“I will do it, Julia,” he agreed; “tonight at two o’clock I will be at the back door with two slaves whom I can trust. I will have a place prepared to which I can take the girl till it is safe to carry her from the city.”
CHAPTER XXII: THE LION
Malchus was sleeping soundly that night when he was awakened by a low angry sound from the lion.
He looked up, and saw by the faint light of a lamp which burned in the hall, from which the niche like bed chambers of the principal slaves opened, that the animal had risen to its feet. Knowing that, docile as it was with those it knew, the lion objected to strangers, the thought occurred to him that some midnight thief had entered the house for the purpose of robbery. Malchus took his staff and sallied out, the lion walking beside him.
He traversed the hall and went from room to room until he entered the portion of the house inhabited by Flavia and the female slaves. Here he would have hesitated, but the lion continued its way, crouching as it walked, with its tail beating its sides with short quick strokes.
There was no one in the principal apartment. He entered the corridor, from which as he knew issued the bed chambers of the slaves. Here he stopped in sudden surprise at seeing a woman holding a light, while two men were issuing from one of the apartments bearing between them a body wrapped up in a cloak. Sempronius stood by the men directing their movements. The face of the person carried was invisible, but the light of the lamp fell upon a mass of golden brown hair, and Malchus knew at once that it was Clotilde who was being carried off.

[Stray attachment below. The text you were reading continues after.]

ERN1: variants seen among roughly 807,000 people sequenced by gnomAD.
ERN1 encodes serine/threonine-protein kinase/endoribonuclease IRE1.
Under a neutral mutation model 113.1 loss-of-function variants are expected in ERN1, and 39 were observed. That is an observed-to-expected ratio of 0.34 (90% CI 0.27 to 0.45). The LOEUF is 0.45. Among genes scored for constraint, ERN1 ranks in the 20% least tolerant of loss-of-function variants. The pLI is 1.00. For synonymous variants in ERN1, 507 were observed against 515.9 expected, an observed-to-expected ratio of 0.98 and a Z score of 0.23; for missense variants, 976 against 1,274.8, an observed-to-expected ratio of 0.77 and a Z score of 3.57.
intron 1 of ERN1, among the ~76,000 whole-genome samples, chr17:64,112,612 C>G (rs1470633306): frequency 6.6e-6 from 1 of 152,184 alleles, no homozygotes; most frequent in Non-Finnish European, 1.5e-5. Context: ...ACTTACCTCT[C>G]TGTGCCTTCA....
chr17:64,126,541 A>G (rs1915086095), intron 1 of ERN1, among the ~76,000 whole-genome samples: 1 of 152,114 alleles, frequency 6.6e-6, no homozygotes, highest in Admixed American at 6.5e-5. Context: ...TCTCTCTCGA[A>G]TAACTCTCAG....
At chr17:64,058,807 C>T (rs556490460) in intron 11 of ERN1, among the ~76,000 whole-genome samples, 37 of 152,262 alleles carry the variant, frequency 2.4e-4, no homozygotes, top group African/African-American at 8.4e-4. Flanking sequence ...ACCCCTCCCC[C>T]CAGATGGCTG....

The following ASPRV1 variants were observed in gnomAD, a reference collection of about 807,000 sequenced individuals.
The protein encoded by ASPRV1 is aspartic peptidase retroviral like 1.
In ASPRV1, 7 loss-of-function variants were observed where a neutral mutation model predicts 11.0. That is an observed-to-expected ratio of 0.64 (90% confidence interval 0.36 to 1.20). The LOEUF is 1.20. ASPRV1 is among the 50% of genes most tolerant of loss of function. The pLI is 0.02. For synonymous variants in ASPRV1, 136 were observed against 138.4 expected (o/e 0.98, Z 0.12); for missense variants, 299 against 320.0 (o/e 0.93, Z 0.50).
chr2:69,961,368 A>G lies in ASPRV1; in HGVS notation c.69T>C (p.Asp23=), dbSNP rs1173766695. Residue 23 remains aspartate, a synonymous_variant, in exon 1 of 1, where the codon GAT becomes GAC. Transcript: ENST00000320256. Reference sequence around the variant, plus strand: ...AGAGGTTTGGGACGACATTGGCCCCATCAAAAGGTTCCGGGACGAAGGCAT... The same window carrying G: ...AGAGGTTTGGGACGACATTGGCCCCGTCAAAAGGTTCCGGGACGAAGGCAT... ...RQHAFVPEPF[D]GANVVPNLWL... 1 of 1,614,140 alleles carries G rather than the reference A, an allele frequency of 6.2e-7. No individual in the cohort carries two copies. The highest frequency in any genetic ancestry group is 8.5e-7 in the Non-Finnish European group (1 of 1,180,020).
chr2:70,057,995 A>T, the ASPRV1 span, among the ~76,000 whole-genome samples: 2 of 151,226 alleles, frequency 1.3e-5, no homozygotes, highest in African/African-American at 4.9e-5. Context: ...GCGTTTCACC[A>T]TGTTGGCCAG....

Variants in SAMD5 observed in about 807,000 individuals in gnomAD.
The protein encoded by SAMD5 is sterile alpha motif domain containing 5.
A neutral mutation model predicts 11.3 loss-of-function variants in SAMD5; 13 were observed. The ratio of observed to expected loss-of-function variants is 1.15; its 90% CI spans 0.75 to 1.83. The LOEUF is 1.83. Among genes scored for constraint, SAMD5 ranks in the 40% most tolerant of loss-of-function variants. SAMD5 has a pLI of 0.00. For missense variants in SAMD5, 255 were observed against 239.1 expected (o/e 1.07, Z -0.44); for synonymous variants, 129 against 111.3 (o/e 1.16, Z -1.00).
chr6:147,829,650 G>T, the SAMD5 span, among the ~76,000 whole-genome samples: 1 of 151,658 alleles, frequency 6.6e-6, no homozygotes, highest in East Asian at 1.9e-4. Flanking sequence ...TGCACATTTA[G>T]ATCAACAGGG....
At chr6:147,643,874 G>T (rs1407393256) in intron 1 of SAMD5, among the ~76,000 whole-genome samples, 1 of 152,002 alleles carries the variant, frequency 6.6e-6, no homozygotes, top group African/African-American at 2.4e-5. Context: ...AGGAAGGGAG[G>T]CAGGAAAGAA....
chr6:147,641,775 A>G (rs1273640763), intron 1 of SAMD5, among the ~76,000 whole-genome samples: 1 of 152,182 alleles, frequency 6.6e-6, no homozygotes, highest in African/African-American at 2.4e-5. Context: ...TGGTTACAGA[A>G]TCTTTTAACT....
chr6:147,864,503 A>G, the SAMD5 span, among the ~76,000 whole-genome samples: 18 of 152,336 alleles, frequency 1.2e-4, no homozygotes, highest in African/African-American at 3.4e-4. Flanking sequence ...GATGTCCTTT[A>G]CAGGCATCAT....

Malchus sprang forward and with a blow of his staff levelled one of the slaves to the ground; Sempronius with a furious exclamation drew his sword and rushed at him, while the other slave, dropping his burden, closed with Malchus and threw his arms around him. For a moment Malchus felt powerless, but before Sempronius could strike there was a deep roar, a dark body sprang forward and hurled itself upon him, levelling him to the ground with a crushing blow of its paw, and then seized him by the shoulder and shook him violently. The slave who held Malchus loosed his hold and fled with a cry of affright, the female slave dropped the light and fled also. Clotilde had by this time gained her feet.
“Quick, love!” Malchus said; “seize your disguise and join me at the back gate. Sempronius is killed; I will join you as quickly as I can.”
By this time the household was alarmed, the shout of Malchus and the roar of the lion had aroused everyone, and the slaves soon came hurrying with lights to the spot. Malchus checked them as they came running out.
“Fetch the net,” he said. The net in question had been procured after the lion had before made an attack upon the slave, but had not since been required.